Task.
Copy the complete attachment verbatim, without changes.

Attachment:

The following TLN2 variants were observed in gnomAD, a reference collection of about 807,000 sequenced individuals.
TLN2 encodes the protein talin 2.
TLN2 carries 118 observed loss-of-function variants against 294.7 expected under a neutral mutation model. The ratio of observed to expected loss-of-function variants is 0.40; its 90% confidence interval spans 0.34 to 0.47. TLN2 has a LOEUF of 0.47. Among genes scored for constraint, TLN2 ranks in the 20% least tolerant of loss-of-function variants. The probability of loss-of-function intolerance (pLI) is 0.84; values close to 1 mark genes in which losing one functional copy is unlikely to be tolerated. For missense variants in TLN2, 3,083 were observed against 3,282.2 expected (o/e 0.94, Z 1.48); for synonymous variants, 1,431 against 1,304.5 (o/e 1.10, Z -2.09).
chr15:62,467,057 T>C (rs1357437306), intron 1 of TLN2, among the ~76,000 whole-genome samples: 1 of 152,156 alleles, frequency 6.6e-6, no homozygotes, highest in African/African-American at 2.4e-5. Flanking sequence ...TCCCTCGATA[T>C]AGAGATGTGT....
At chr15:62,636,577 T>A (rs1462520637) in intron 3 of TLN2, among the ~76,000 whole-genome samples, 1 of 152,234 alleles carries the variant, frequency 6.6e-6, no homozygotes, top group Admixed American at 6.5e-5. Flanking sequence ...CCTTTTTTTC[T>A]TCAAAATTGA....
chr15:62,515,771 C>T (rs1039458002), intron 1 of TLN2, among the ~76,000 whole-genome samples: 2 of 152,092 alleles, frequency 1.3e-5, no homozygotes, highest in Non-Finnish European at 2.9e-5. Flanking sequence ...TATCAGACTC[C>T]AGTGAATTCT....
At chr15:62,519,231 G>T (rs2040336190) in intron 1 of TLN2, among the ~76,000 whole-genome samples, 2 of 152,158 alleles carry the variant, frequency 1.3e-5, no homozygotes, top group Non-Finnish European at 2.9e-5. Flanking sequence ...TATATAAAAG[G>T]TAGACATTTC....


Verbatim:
The following TLN2 variants were observed in gnomAD, a reference collection of about 807,000 sequenced individuals.
TLN2 encodes the protein talin 2.
TLN2 carries 118 observed loss-of-function variants against 294.7 expected under a neutral mutation model. The ratio of observed to expected loss-of-function variants is 0.40; its 90% confidence interval spans 0.34 to 0.47. TLN2 has a LOEUF of 0.47. Among genes scored for constraint, TLN2 ranks in the 20% least tolerant of loss-of-function variants. The probability of loss-of-function intolerance (pLI) is 0.84; values close to 1 mark genes in which losing one functional copy is unlikely to be tolerated. For missense variants in TLN2, 3,083 were observed against 3,282.2 expected (o/e 0.94, Z 1.48); for synonymous variants, 1,431 against 1,304.5 (o/e 1.10, Z -2.09).
chr15:62,467,057 T>C (rs1357437306), intron 1 of TLN2, among the ~76,000 whole-genome samples: 1 of 152,156 alleles, frequency 6.6e-6, no homozygotes, highest in African/African-American at 2.4e-5. Flanking sequence ...TCCCTCGATA[T>C]AGAGATGTGT....
At chr15:62,636,577 T>A (rs1462520637) in intron 3 of TLN2, among the ~76,000 whole-genome samples, 1 of 152,234 alleles carries the variant, frequency 6.6e-6, no homozygotes, top group Admixed American at 6.5e-5. Flanking sequence ...CCTTTTTTTC[T>A]TCAAAATTGA....
chr15:62,515,771 C>T (rs1039458002), intron 1 of TLN2, among the ~76,000 whole-genome samples: 2 of 152,092 alleles, frequency 1.3e-5, no homozygotes, highest in Non-Finnish European at 2.9e-5. Flanking sequence ...TATCAGACTC[C>T]AGTGAATTCT....
At chr15:62,519,231 G>T (rs2040336190) in intron 1 of TLN2, among the ~76,000 whole-genome samples, 2 of 152,158 alleles carry the variant, frequency 1.3e-5, no homozygotes, top group Non-Finnish European at 2.9e-5. Flanking sequence ...TATATAAAAG[G>T]TAGACATTTC....